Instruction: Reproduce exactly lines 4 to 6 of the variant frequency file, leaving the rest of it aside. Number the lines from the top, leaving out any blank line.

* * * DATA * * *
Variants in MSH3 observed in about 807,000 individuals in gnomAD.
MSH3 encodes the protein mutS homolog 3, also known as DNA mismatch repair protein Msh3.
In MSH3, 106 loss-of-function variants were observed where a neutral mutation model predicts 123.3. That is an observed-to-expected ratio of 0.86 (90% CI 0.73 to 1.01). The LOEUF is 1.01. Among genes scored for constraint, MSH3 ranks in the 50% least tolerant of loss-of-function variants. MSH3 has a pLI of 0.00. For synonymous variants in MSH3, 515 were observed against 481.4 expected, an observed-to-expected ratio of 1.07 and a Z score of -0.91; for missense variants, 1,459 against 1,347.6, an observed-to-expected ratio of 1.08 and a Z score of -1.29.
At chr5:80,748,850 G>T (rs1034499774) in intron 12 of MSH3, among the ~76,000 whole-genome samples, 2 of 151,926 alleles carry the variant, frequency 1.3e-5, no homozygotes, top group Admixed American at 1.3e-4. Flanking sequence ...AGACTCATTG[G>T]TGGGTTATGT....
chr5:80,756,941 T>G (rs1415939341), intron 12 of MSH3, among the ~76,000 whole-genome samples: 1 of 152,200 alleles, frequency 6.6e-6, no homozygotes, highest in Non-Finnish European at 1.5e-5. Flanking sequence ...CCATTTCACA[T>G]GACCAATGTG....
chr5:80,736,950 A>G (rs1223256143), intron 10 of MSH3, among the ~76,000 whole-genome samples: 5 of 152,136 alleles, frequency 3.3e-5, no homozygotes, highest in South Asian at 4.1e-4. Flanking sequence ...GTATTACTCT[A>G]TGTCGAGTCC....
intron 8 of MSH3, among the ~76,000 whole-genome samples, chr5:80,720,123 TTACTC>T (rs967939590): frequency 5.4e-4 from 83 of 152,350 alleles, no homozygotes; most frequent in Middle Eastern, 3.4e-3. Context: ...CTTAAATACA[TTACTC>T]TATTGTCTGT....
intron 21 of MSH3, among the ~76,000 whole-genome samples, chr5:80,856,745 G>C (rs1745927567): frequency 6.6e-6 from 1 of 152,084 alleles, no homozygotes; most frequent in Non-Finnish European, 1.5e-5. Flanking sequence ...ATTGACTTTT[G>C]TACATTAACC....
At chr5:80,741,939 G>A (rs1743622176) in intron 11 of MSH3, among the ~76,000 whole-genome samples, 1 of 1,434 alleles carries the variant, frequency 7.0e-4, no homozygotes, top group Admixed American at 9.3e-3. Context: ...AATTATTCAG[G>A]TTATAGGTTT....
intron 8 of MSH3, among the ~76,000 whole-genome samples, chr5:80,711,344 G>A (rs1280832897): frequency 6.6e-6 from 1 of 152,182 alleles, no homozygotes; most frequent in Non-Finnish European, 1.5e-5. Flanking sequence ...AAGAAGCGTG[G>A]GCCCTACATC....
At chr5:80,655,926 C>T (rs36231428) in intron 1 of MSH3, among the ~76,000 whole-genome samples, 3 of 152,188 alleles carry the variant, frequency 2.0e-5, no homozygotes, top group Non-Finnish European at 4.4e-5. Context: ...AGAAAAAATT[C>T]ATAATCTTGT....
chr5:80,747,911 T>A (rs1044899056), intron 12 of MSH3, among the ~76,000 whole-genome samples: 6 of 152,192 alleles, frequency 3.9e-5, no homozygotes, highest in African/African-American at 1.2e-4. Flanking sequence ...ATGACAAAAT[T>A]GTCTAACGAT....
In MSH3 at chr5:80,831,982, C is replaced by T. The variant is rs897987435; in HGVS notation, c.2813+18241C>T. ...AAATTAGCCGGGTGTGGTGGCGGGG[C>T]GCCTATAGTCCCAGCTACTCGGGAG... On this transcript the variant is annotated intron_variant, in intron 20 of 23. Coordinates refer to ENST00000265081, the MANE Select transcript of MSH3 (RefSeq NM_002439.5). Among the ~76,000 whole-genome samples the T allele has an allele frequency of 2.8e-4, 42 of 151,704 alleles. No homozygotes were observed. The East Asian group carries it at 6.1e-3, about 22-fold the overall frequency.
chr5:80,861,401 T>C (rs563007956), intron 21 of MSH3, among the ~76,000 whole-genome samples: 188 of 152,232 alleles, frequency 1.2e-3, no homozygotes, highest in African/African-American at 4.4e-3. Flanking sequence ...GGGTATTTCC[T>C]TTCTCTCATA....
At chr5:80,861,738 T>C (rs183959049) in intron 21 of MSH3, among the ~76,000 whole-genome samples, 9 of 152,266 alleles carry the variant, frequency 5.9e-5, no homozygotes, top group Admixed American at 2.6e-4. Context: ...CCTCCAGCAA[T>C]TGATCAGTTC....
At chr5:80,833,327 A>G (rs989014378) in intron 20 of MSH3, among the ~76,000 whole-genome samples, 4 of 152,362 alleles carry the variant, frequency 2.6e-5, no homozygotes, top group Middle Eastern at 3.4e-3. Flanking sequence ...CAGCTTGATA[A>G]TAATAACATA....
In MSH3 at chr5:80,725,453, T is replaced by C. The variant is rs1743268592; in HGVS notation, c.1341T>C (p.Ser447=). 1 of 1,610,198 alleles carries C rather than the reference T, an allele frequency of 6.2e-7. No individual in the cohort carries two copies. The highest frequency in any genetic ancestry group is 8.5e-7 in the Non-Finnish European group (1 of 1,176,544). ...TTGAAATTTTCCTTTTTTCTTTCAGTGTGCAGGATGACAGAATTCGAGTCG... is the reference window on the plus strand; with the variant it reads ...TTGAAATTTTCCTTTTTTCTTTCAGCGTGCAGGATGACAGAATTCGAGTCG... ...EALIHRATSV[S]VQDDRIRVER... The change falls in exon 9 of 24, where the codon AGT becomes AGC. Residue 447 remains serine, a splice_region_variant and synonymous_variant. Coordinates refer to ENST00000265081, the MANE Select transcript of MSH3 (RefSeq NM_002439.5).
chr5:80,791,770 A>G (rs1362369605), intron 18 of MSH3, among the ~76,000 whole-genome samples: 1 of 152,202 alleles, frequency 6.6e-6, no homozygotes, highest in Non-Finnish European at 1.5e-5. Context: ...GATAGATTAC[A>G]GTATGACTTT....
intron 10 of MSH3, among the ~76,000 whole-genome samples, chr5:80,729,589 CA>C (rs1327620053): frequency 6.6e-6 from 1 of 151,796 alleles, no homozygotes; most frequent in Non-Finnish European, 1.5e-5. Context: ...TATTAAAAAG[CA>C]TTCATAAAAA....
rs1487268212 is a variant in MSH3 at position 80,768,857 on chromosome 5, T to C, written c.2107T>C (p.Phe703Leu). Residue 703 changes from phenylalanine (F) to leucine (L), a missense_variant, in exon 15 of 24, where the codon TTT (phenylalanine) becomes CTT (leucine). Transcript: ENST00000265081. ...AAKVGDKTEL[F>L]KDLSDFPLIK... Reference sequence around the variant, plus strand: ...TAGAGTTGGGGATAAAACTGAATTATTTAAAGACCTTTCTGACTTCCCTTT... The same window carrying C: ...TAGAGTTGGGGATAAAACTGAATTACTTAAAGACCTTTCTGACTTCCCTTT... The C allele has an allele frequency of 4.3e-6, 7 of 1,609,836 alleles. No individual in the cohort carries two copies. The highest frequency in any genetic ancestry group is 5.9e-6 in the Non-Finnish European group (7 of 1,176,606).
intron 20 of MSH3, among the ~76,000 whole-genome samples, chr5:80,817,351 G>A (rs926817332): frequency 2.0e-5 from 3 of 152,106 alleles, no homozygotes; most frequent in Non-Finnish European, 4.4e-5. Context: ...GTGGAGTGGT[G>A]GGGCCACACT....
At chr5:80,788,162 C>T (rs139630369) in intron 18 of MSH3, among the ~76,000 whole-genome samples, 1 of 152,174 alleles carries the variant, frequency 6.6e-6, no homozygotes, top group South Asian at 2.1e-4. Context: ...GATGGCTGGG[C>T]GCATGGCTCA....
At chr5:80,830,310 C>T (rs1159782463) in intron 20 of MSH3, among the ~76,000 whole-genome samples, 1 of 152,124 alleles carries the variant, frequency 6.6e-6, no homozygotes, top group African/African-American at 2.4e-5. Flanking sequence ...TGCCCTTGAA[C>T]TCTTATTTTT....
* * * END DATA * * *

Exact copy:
At chr5:80,748,850 G>T (rs1034499774) in intron 12 of MSH3, among the ~76,000 whole-genome samples, 2 of 151,926 alleles carry the variant, frequency 1.3e-5, no homozygotes, top group Admixed American at 1.3e-4. Flanking sequence ...AGACTCATTG[G>T]TGGGTTATGT....
chr5:80,756,941 T>G (rs1415939341), intron 12 of MSH3, among the ~76,000 whole-genome samples: 1 of 152,200 alleles, frequency 6.6e-6, no homozygotes, highest in Non-Finnish European at 1.5e-5. Flanking sequence ...CCATTTCACA[T>G]GACCAATGTG....
chr5:80,736,950 A>G (rs1223256143), intron 10 of MSH3, among the ~76,000 whole-genome samples: 5 of 152,136 alleles, frequency 3.3e-5, no homozygotes, highest in South Asian at 4.1e-4. Flanking sequence ...GTATTACTCT[A>G]TGTCGAGTCC....